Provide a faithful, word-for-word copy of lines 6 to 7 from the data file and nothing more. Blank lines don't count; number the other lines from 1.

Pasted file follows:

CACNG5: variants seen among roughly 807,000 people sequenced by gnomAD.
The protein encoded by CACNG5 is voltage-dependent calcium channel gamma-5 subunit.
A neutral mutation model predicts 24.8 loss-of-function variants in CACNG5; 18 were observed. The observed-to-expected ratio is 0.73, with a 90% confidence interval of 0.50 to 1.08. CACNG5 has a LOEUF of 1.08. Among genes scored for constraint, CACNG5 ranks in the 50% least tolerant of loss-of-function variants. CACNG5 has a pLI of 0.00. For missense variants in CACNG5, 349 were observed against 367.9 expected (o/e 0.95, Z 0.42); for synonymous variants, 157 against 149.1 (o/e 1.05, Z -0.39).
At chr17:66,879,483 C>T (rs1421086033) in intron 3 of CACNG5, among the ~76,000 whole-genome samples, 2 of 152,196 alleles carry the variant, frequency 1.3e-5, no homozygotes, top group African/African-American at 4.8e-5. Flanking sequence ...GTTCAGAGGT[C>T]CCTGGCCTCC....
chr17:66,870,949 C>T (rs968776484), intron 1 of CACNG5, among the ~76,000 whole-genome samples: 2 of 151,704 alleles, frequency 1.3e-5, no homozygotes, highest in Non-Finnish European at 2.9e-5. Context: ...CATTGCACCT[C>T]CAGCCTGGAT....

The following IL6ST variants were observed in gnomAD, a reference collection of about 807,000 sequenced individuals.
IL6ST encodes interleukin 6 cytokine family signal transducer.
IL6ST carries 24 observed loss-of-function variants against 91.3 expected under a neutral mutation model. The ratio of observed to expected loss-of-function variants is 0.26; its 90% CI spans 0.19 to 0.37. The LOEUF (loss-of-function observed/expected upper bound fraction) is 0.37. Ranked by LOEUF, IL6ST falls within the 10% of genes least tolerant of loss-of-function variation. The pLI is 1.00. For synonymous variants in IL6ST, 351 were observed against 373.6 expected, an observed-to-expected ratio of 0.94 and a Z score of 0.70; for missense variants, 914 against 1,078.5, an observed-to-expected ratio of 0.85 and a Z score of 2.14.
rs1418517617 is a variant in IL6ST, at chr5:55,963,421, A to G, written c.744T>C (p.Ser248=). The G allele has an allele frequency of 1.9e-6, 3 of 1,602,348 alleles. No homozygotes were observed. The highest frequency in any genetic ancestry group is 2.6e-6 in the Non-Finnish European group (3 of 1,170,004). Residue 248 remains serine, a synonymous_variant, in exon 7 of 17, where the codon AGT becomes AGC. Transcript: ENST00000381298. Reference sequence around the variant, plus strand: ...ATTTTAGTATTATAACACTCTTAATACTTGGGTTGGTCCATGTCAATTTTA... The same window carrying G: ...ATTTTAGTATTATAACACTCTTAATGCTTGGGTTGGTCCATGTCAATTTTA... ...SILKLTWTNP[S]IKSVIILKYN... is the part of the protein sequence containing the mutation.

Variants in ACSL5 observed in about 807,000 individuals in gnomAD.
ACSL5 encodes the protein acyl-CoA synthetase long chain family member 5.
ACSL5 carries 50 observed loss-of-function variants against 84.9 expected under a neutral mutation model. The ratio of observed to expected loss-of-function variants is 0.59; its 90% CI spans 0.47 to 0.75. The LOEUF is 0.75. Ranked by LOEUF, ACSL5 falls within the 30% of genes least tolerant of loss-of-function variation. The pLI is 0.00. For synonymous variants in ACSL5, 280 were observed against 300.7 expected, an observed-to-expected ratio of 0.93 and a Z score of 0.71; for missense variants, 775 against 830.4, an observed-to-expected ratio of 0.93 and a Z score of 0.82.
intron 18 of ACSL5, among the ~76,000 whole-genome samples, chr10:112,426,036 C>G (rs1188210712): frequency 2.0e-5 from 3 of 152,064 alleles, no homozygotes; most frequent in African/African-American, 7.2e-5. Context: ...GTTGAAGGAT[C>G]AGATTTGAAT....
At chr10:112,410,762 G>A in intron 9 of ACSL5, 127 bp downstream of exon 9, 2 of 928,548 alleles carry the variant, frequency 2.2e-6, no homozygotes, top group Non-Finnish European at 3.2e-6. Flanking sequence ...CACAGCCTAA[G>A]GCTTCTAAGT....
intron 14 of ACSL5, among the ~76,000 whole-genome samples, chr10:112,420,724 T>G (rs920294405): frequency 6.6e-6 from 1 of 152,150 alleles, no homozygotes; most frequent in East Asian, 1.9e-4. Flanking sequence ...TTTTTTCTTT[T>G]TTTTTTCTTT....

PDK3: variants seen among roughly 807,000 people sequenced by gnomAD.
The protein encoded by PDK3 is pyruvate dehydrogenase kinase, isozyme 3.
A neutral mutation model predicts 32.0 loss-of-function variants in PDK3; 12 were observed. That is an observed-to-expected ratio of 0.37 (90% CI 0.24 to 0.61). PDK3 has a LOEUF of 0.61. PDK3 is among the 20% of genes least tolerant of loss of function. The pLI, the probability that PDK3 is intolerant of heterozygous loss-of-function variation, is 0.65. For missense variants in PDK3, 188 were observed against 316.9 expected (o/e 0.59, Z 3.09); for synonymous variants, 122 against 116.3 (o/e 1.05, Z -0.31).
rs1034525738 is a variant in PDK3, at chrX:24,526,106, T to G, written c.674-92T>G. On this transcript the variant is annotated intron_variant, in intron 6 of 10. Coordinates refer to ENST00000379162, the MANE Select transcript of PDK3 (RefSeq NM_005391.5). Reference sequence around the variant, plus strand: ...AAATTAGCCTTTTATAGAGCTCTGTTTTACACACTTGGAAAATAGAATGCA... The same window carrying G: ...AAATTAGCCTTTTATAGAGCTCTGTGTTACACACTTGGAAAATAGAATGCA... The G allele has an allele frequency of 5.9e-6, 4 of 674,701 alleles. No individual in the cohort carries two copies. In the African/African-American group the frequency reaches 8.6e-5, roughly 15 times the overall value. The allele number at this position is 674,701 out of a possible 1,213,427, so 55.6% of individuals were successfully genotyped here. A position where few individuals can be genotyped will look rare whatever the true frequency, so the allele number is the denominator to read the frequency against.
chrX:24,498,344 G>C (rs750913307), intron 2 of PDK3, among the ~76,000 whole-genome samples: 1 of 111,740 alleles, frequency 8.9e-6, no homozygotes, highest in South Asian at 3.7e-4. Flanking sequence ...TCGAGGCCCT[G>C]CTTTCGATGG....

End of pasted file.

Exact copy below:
The following IL6ST variants were observed in gnomAD, a reference collection of about 807,000 sequenced individuals.
IL6ST encodes interleukin 6 cytokine family signal transducer.